Zebrafish slow muscle development offers a very powerful system in which to identify new genes involved in Hedgehog signaling, and to test the function of known genes. We have tested whether Hh is required for slow muscle development in two ways. First, we have shown that pharmacological elimination of Hh signaling blocks the development of embryonic slow muscle fibers. Second, we have begun characterizing a new gene that we have named slow-muscle-omitted (smo). smo mutant embryos have a nearly complete loss of slow muscle fibers. smo function is required in muscle precursors for them to respond to signaling from the notochord, and thus this gene is a good candidate for genes involved in notochord signaling. We have proposed that smo is the zebrafish homologue of the Hh receptor complex protein Smoothened, and that smu is required for all Hh signal transduction. See Barresi, et al., 2000, for more information.

We have also shown that all other genes which are required for Hh or midline signaling are required for slow muscle development (Stickney, et al., 2000).

Muscle growth, larval development, and fiber type identity
After these initial 20 muscle fibers per somite have developed, there is a tremendous growth of the myotome, the adult zebrafish has at least 400 slow muscle fibers in each myotome. We are beginning to characterize this growth. We have shown that new slow muscle fibers are added beginning at about 24h of development, very shortly after embryonic slow muscle fibers form. Surprisingly, these added fibers develop independently of Hh signaling, and independently of the presence of embryonic slow muscle fibers (Barresi, et al., 2001).

We have proposed that the dermomyotome is an ancient and conserved structure that evolved prior to the last common ancestor of all vertebrates (Devoto, et al., 2006). We suspect that it has played a very important role in the evolution of vertebrate morphology. We recently demonstrated the existence of the dermomyotome by showing that cells on the external surface of the embryonic myotome differentiate into muscle fibers during the earliest period of myotome growth (Stellabotte, et al., 2007). These cells express the transcription factor Pax7. The zebrafish dermomyotome, like that of amniotes, is directly regulated by Hh signaling (Feng, et al, 2006). See Stellabotte and Devoto, 2007 for a review of the teleost dermomyotome.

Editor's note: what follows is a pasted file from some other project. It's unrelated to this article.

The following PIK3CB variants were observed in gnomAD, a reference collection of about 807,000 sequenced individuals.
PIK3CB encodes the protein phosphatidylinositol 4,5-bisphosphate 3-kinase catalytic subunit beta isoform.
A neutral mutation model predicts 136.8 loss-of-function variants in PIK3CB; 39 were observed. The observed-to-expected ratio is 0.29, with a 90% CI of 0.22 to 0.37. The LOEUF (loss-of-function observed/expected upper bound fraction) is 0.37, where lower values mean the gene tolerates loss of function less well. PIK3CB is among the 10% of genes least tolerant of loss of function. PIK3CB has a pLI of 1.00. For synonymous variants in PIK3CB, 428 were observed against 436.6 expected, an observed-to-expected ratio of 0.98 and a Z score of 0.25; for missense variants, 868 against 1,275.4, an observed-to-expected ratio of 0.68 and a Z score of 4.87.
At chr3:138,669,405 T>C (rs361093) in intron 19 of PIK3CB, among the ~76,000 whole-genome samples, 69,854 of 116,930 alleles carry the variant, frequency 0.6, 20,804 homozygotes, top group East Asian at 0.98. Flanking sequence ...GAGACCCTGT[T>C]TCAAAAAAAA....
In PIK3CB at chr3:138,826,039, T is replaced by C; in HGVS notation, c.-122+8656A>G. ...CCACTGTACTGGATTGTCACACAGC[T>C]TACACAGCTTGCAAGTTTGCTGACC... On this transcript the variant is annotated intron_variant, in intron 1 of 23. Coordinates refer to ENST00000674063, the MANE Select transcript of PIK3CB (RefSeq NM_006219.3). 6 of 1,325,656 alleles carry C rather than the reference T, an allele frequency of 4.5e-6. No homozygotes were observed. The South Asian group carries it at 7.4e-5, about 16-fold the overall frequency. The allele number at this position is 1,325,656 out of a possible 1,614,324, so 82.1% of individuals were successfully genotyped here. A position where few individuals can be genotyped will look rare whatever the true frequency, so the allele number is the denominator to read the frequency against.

Other aspects of somite patterning
In addition to the myotome, the somite gives rise to the vertebrae, the ribs and (in chick) the scapula. These tissues all develop from the sclerotome, which is a relatively small portion of the somite in zebrafish. We are examining the factors that regulate sclerotome development in zebrafish. Our working hypothesis is that initial sclerotome development is not dependent on midline signaling, but that sclerotome maintenance is.

Why is any of this relevant to Human Disease?

Our research into muscle fiber type development in zebrafish has been funded very generously by The Donaghue Foundation, The March of Dimes, and the National Institutes of Health. Our current funding is through NIH grants 5R01HD044929-04 (Selecting for novel Hedgehog signaling mutations), and 2R01HD037509-06A2 (Development of muscle fiber type identity).

At its most fundamental, our research is aimed at understanding why and how cells do what they do. How do they "decide" whether to divide or become specialized? How do cells decide how often to divide? How do they decide which of several possible specializations to acquire? Answers to these questions are necessary for designing appropriate and effective treatments for all of the above diseases.

More specifically, if we can understand how muscle development is triggered, and how specific types of muscle fibers are formed, then we can start to intelligently design therapies that will not only trigger muscle regeneration, but also trigger the appropriate specializations in regenerated tissues that are critical for recovery from heart disease and muscular dystrophy.



Stephen H. Devoto
Biology Department
Wesleyan University
Middletown, CT 06459 
(860) 685-3461 
Fax: 685-3279

Top of page
Wesleyan Biology